You turned down job offers Magic Circle law firms and investment banks right? Was that an easy decision to make?
In some ways it's a difficult decision to make because the City, the Magic Circle law firms, and the investment banks act like a sort of vacuum cleaner sucking all the students out of Oxford, so lots of my friends were going in that direction. So it was difficult going against that and actually saying: "No, I want to do something for myself. I want to take a risk."
I'm really glad I made the decision to do that and make a real difference rather than being a small cog in a big industrial machine.
Talk to me more about the launch of the site, how did that go?
It was almost launched by accident, I shared it on social media and it's grown organically from there. Loads of people started sharing the post and commenting on it, and we've managed to sign up 100 mentors in the first 24 hours and have more trickling in all the time.
It's been purely organic growth really. That just shows that people are really passionate about this.
So talk to me more about the mentors, who are the people that have signed up to do this?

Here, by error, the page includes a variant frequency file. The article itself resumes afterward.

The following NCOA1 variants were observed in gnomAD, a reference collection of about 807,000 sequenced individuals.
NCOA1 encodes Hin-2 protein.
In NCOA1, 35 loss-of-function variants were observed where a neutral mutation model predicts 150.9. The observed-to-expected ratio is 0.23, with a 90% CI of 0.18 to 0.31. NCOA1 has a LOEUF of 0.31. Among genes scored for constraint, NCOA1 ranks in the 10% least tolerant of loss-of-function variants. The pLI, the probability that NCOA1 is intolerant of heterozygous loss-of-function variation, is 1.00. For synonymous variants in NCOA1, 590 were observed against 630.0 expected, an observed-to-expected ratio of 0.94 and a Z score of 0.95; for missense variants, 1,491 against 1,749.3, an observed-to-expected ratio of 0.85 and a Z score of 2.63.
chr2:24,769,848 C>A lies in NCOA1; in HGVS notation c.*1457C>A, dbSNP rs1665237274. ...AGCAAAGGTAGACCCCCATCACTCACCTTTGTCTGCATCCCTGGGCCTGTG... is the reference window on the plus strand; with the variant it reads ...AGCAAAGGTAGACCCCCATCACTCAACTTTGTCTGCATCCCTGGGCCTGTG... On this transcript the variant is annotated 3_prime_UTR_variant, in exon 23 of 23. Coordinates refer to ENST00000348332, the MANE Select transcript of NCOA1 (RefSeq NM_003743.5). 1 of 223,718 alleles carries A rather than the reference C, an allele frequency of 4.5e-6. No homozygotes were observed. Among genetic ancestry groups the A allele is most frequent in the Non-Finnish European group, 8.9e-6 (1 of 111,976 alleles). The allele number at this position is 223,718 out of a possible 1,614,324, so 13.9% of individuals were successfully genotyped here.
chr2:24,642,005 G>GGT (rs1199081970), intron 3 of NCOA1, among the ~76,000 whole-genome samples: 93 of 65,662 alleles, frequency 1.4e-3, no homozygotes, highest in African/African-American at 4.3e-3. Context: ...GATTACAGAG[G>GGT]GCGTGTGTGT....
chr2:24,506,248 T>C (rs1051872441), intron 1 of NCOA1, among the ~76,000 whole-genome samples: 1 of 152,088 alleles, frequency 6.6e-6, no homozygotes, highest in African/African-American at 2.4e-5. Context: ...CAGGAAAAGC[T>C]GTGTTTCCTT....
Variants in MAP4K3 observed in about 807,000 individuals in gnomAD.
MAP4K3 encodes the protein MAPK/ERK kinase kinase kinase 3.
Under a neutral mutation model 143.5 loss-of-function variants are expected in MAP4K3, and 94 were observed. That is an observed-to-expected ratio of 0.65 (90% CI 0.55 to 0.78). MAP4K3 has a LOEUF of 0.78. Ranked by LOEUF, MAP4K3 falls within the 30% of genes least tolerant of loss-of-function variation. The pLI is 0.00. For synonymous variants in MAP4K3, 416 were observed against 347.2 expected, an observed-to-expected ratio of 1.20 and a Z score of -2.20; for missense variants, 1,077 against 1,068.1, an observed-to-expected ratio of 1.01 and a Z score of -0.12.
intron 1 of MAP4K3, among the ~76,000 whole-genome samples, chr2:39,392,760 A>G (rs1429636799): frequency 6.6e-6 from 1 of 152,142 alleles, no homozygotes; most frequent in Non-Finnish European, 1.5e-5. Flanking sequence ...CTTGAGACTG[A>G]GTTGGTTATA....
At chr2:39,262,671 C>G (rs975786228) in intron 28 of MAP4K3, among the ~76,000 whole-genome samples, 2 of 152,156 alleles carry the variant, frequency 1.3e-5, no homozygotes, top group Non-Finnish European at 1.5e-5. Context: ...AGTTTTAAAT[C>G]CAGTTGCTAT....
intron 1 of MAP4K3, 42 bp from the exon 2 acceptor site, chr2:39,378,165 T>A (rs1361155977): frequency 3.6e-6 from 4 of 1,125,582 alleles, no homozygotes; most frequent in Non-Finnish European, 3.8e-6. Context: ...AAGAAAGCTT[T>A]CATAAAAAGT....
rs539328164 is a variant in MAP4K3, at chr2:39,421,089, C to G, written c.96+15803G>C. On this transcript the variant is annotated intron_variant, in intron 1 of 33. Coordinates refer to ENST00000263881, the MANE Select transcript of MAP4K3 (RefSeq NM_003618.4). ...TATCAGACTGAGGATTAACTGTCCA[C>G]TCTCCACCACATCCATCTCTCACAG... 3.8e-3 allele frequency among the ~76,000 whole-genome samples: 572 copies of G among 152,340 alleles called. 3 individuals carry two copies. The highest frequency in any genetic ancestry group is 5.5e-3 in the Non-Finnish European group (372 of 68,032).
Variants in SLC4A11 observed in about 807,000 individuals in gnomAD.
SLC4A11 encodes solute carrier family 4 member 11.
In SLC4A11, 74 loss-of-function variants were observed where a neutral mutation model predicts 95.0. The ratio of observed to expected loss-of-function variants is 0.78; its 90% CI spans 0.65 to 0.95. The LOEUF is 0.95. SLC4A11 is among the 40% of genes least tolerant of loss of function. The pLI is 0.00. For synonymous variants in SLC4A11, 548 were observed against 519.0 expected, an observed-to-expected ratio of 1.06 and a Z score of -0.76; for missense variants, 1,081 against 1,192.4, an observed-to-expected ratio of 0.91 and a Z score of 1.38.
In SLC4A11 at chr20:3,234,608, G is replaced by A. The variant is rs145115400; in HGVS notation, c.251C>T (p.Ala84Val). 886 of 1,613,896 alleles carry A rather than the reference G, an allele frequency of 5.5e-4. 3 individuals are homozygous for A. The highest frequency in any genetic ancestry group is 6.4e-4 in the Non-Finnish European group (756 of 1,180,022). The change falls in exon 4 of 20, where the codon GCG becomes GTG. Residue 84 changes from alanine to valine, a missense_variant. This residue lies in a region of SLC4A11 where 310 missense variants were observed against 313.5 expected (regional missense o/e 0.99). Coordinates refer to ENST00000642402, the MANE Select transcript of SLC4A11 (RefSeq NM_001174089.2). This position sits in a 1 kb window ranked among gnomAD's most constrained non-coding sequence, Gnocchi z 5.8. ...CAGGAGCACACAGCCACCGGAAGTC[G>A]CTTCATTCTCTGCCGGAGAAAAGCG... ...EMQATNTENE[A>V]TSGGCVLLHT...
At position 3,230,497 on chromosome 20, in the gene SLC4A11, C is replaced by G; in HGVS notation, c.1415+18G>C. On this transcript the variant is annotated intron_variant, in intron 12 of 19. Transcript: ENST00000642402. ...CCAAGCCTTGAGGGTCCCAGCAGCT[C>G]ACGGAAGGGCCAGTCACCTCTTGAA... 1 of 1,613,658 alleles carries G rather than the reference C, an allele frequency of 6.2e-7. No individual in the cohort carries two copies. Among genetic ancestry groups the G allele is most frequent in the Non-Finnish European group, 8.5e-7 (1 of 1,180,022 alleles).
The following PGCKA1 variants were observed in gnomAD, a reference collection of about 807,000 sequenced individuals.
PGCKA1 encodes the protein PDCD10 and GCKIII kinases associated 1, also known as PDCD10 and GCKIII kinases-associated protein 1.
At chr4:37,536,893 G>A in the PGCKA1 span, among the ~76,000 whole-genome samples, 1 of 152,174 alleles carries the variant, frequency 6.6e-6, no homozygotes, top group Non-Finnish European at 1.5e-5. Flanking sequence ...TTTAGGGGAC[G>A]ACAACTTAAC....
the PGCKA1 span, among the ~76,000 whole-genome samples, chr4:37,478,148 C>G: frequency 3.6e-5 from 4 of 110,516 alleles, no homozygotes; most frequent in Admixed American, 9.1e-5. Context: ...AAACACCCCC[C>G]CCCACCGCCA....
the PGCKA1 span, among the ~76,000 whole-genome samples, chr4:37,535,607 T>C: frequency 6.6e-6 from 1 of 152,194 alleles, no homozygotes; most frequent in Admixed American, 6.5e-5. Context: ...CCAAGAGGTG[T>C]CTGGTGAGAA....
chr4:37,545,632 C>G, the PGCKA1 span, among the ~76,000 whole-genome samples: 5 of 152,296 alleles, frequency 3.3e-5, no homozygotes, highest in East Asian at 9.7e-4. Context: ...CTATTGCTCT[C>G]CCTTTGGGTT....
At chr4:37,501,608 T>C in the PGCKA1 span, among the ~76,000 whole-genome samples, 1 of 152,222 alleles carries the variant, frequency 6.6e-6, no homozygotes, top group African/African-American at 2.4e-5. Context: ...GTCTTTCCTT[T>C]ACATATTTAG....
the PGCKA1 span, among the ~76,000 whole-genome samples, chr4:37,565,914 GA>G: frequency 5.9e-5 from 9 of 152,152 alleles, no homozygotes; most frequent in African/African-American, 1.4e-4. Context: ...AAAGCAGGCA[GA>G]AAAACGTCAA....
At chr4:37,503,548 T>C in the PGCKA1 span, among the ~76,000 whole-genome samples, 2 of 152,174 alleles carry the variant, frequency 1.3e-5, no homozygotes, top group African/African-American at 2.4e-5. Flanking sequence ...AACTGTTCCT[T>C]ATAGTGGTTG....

The mentors tend to be current students or students who have just graduated. I think that's important because Oxford has changed quite a lot in the past 20 years so you want people on the ground to have the experience of what it's like now.
The way mentors are matched to students is using a special algorithm to match people based on their backgrounds. The reason we do that is to sort of give mentees the best role models they can have because it's always best to have someone you can relate to, to have a sort of shared life experience. That's really important and that's why the more mentors we have the better matches we can make with the algorithm. And that's why it was so great to see so many people signing up.
Already over 20 students have been matched with mentors who are all starting to engage in tutorials with them.
What is the end goal of Access Oxbridge? Is there something specific you want to achieve that you've set your sights on?
If I was going to give you one statistic that I really want to change its the one about Oxbridge regularly admitting twice as many students from Eton as students eligible for free school meals. I’d like to see Oxbridge admitting more students eligible for free school meals than students attending the UK’s most exclusive public schools.
Sign up to volunteer for Access Oxbridge here.
The Tab's 10x Campaign on fairness in uni admissions is named after how much more likely privileged students are to progress to a top uni. If you want to contribute to The Tab's 10x Campaign with a personal story or news tip, please email email@example.com.